Harvey Ornstein of Melville recalls the fateful night he rediscovered his future wife, Gertrude, in an ice cream shop.
In 1951, I was 24 and living with my family in East New York, Brooklyn, after serving as a sergeant in the Army/Air Force during World War II. I served from 1945-47 and was stationed in the Philippines and Japan, where I worked as a key punch operator.
Most nights, after finishing school -- I attended New York University full time on the GI bill -- I'd go to Premier Bar on Sutter Avenue with my friends. One night the bar was closed, so we decided to go next door to Meyer's ice cream shop. While drinking my ice cream soda I noticed the most beautiful girl I had ever seen sitting in a booth with a few friends. I kept staring at her. One of my friends said her name was Gertrude "Gitty" Schleifer.See alsoSubmit your Love Story here
I knew her; she was one of my sister Esther's pain-in-the-neck friends. I remembered hating when Esther's friends would come to our little apartment, noisily chatting and laughing and screeching about boys, always boys!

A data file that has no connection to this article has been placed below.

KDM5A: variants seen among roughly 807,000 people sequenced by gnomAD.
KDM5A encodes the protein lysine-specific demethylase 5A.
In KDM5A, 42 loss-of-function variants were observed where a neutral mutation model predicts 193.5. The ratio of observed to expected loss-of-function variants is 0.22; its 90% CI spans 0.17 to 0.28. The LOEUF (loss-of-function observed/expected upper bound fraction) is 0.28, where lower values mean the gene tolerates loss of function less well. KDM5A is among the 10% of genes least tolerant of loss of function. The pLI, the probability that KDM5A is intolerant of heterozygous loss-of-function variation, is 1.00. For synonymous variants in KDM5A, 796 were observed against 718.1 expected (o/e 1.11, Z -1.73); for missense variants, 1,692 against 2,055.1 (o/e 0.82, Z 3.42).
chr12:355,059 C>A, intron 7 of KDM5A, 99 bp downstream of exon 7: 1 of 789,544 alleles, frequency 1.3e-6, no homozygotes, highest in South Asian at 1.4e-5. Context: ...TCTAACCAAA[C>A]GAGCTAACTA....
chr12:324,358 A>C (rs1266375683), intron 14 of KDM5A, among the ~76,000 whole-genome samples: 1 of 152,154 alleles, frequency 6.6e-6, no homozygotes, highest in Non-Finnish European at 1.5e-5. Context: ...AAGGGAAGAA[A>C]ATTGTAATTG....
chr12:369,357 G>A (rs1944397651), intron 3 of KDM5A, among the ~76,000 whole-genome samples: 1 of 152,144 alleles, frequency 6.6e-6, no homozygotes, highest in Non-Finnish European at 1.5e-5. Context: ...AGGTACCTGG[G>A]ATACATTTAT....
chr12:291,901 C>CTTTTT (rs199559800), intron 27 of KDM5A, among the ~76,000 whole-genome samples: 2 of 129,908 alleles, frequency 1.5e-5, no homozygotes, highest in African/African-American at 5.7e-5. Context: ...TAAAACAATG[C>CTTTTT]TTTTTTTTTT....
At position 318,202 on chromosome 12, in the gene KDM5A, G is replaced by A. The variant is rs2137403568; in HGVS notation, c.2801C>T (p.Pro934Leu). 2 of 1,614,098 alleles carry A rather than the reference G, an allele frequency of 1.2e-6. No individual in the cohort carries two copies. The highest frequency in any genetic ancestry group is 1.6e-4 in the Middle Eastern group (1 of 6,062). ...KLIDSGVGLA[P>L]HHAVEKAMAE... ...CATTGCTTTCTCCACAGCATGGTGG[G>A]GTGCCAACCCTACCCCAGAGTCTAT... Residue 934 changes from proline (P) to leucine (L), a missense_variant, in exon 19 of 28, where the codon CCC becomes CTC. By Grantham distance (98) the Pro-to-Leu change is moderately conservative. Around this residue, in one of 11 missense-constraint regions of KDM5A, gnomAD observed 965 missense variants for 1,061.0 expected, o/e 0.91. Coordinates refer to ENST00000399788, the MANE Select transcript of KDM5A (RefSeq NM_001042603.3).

I couldn't believe this was Gitty. She was now 19 and a ravishing beauty. I went over to her. She remembered who I was and seemed really happy to see me. She was a secretary at a big liquor wholesale business in Manhattan in what is now SoHo. Gitty agreed to go out with me, but only on a double date with her friend.
I found a date for her friend, and we decided to go to Pizza King in Queens. However, when I picked Gitty up in my car, she insisted on sitting in the back with her friend. I found out later that she was afraid to sit with me because she had heard rumors that I was dating a lot since returning from the service. I guess I proved the rumors wrong, because we continued seeing each other. Six months later we were engaged.
Our wedding and reception, on June 7, 1952, were at Franklin Manor in Crown Heights. We then flew to Miami for our honeymoon. It was Gitty's first plane ride.
In 1960 we moved to Huntington, two years before the Long Island Expressway's exit to Route 110 was finished. Our families thought we were crazy. Gitty became a stay-at-home mom. We have three daughters and are also blessed with two wonderful sons-in-law and the best grandson and granddaughter anyone could wish for.
I taught math and business at Andrew Jackson High School in Queens for 30 years before retiring in 1986. I then taught at Queensborough Community College until 2003 and at Suffolk County Community College until 2008, when I was 81.
Gitty and I live in a senior community in Melville and recently celebrated our 63rd anniversary with a family dinner.